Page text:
The hike along the Pacific Crest Trail from Rainy Pass up to Cutthroat Pass in Washington State's North Cascades visits open alpine terrain that is spectacular at any time but particularly so when the alpine larches turn color each fall. Of the three hikes to high passes in the Rainy Pass area- Easy Pass, Maple Pass, and Cutthroat Pass- this hike is the gentlest and delivers the densest collection of larch trees. The pass itself delivers sweeping views of the North Cascades that include many of the highest peaks in Washington State. Once at Cutthroat Pass, there are a number of options for further exploration in the glorious alpine slopes to make a trip up to the pass even more memorable. It's rare to have a trail that is so friendly on both the car and the knees; it's even rarer to find a hike so spectacular that, for the moment, has avoided the overcrowding issues beginning to afflict the Maple Pass Loop on the other side of Highway 20.

Looking for more larch hikes? Consider Easy PassLake Ingallsthe Enchantments, or Grasshopper Pass.

I hiked this trail on a sunny early October day to see the larches. From Seattle, I took I-5 north to Burlington, then followed Highway 20 east across North Cascades National Park until reaching Rainy Pass, where I made a left turn to park in the Pacific Crest Trail North parking area on the east side of the road. The trailhead parking area had just one true parking spot left when I arrived, though the lot was big enough that there would've been plenty of room for additional parallel parking. This contrasted with an earlier trip to Maple Pass, when the lot was overflowing on a weekday.

From the trailhead, I followed the Pacific Crest Trail north towards Cutthroat Pass. The 2000-foot elevation gain on this hike was spread out well over the course of the 5 miles to the pass, meaning that the trail started with a gentle but steady incline as it began climbing through the forest on the southwest slopes of Cutthroat Peak. The trail generally maintained a comfortable dirt tread with only occasionally rocky spots. Occasional breaks in the trees yielded partial views of Black Peak, the high spire across the valley. A little under a mile into the hike, the trail crossed a small stream that made two pretty, cascading drops just above the crossing point.

Small cascade at a stream crossing along the trail
Continuing onward, the trail came to a slightly open view of Black Peak and other summits lining the Granite Creek valley. After passing this partial clearing, the trail turned to the north, entering into the valley between Cutthroat and Porcupine Peaks.

Black Peak view from early on the trail
After an initial ascent during the first mile from the trailhead and the flat half-mile that followed, I reached the two principal creek crossings of the hike; the second of these crossings spanned Porcupine Creek. Late in the season, both of these crossings were very easy but I can imagine that Porcupine Creek could be a more difficult crossing with high water early in the season.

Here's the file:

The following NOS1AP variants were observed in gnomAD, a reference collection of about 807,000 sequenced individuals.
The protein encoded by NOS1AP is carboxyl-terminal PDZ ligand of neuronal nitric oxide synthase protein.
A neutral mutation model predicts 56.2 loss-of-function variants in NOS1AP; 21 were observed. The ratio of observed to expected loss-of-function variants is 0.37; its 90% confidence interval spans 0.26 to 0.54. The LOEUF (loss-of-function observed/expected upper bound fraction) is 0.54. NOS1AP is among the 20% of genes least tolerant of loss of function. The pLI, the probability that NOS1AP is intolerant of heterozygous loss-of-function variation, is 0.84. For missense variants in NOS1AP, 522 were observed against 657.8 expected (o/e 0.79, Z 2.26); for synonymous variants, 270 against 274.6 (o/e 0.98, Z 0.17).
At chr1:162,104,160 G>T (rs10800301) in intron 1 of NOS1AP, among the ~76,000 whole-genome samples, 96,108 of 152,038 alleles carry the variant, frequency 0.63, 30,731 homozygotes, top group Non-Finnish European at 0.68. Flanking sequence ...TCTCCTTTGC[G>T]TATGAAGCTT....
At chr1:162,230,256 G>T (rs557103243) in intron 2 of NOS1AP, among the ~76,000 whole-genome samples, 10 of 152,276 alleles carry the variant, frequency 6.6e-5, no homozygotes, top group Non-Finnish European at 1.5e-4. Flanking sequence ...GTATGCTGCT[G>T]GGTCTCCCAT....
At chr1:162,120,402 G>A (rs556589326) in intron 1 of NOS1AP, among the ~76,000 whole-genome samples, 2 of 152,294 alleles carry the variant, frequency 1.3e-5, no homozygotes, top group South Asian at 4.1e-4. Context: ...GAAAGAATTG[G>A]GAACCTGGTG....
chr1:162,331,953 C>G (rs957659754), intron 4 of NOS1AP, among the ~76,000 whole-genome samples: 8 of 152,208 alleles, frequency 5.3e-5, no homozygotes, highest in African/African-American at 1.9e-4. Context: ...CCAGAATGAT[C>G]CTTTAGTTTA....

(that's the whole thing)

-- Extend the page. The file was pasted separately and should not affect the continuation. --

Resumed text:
Autumn color near a stream crossing
After crossing Porcupine Creek, the trail continued ascending through the forest; at 2 miles, it made a short switchback and then began the long, gradual ascent towards Cutthroat Pass along the side of Porcupine Peak. At this point, I reached the snow line: an inch or two of snow had fallen in the high peaks of the North Cascades just a couple of days earlier. As I hiked, chunks of snow and snow that had refrozen into ice pellets sloughed off the branches of nearby trees. The ice pellets were falling to the ground with some force, so I almost regretted not bringing a helmet; in the end, I made it safely through the forest without getting a golf-ball sized ice pellet to the head.

Soon after beginning the ascent, the trail entered the first of a number of clearings. In each of the clearings, fiery reds and yellows of berry bushes and other understory vegetation lit up the slopes of the mountain. Larches in varying stages of color change dotted the upper slopes of Cutthroat Peak across the valley; Cutthroat Pass itself was visible at the head of the valley, coated in snow.

Pacific Crest Trail approaching Cutthroat Pass
Larches line the high slopes of Cutthroat Peak
A little over two miles after crossing Porcupine Creek (about 3.7 miles from the trailhead), the trail entered a larch forest as the base of Cutthroat Pass. The trail made another crossing over Porcupine Creek here, which was fairly meaningless in October as there was no water flowing at the time of my hike. Many of the larches in the valley had not yet reached peak fall color and instead assumed a scale of shades from lime green to bright yellow. The snow from a few days earlier provided an exceptional contrast to both the bright colors of the larches and dark rock of Cutthroat Peak.

Larches of varying shades
The deep crimson of the berry bushes also contributed to the spectacular collection of colors on the hike.

Autumn and winter colors
While this final stretch of trail is likely also the steepest of the hike, the climb from the start of the larch forest up to the pass was still fairly easy, with wide, gently-graded switchbacks guiding hikers up along the PCT to the pass.

As I ascended the switchbacks, views began to widen. Soon, I could see nearby Corteo and Porcupine Peaks rising above the scraggly larches.

Corteo and Porcupine Peaks rise above a forest of autumn larches
Continued ascent brought continuously improving views: before long, Frisco Peak and Dome Peak joined the party, with faraway Dome Peak and nearby Sinister Peak visible through Maple Pass.

Approaching Cutthroat Pass
Dome Peak and the larches